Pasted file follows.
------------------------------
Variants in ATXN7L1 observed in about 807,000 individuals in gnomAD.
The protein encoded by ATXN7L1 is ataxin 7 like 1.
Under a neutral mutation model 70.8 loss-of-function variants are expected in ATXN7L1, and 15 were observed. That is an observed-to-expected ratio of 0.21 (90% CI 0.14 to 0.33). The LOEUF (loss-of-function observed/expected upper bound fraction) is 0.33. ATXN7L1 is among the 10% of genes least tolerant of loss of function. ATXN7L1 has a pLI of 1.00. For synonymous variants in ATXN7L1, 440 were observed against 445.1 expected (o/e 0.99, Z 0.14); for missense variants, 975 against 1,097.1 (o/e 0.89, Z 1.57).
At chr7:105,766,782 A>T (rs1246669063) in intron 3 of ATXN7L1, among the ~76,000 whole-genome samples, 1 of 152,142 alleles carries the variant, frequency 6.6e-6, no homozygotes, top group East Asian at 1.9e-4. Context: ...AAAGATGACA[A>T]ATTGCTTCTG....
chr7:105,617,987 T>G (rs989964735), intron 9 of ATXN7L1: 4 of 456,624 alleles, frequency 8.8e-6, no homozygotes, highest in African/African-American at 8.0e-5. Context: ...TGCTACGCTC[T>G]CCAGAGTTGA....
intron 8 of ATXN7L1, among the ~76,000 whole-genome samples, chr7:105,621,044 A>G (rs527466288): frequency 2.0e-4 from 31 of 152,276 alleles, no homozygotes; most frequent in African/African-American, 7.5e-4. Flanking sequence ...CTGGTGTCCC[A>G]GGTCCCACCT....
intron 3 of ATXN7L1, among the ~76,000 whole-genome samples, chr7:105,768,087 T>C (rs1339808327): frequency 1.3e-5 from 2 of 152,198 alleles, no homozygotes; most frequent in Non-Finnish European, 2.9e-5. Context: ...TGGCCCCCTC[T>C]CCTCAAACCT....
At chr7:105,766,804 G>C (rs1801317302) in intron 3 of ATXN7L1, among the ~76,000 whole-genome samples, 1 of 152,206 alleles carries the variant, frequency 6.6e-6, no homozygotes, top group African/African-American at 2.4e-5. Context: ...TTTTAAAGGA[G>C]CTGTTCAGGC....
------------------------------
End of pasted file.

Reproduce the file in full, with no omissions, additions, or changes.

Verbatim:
Variants in ATXN7L1 observed in about 807,000 individuals in gnomAD.
The protein encoded by ATXN7L1 is ataxin 7 like 1.
Under a neutral mutation model 70.8 loss-of-function variants are expected in ATXN7L1, and 15 were observed. That is an observed-to-expected ratio of 0.21 (90% CI 0.14 to 0.33). The LOEUF (loss-of-function observed/expected upper bound fraction) is 0.33. ATXN7L1 is among the 10% of genes least tolerant of loss of function. ATXN7L1 has a pLI of 1.00. For synonymous variants in ATXN7L1, 440 were observed against 445.1 expected (o/e 0.99, Z 0.14); for missense variants, 975 against 1,097.1 (o/e 0.89, Z 1.57).
At chr7:105,766,782 A>T (rs1246669063) in intron 3 of ATXN7L1, among the ~76,000 whole-genome samples, 1 of 152,142 alleles carries the variant, frequency 6.6e-6, no homozygotes, top group East Asian at 1.9e-4. Context: ...AAAGATGACA[A>T]ATTGCTTCTG....
chr7:105,617,987 T>G (rs989964735), intron 9 of ATXN7L1: 4 of 456,624 alleles, frequency 8.8e-6, no homozygotes, highest in African/African-American at 8.0e-5. Context: ...TGCTACGCTC[T>G]CCAGAGTTGA....
intron 8 of ATXN7L1, among the ~76,000 whole-genome samples, chr7:105,621,044 A>G (rs527466288): frequency 2.0e-4 from 31 of 152,276 alleles, no homozygotes; most frequent in African/African-American, 7.5e-4. Flanking sequence ...CTGGTGTCCC[A>G]GGTCCCACCT....
intron 3 of ATXN7L1, among the ~76,000 whole-genome samples, chr7:105,768,087 T>C (rs1339808327): frequency 1.3e-5 from 2 of 152,198 alleles, no homozygotes; most frequent in Non-Finnish European, 2.9e-5. Context: ...TGGCCCCCTC[T>C]CCTCAAACCT....
At chr7:105,766,804 G>C (rs1801317302) in intron 3 of ATXN7L1, among the ~76,000 whole-genome samples, 1 of 152,206 alleles carries the variant, frequency 6.6e-6, no homozygotes, top group African/African-American at 2.4e-5. Context: ...TTTTAAAGGA[G>C]CTGTTCAGGC....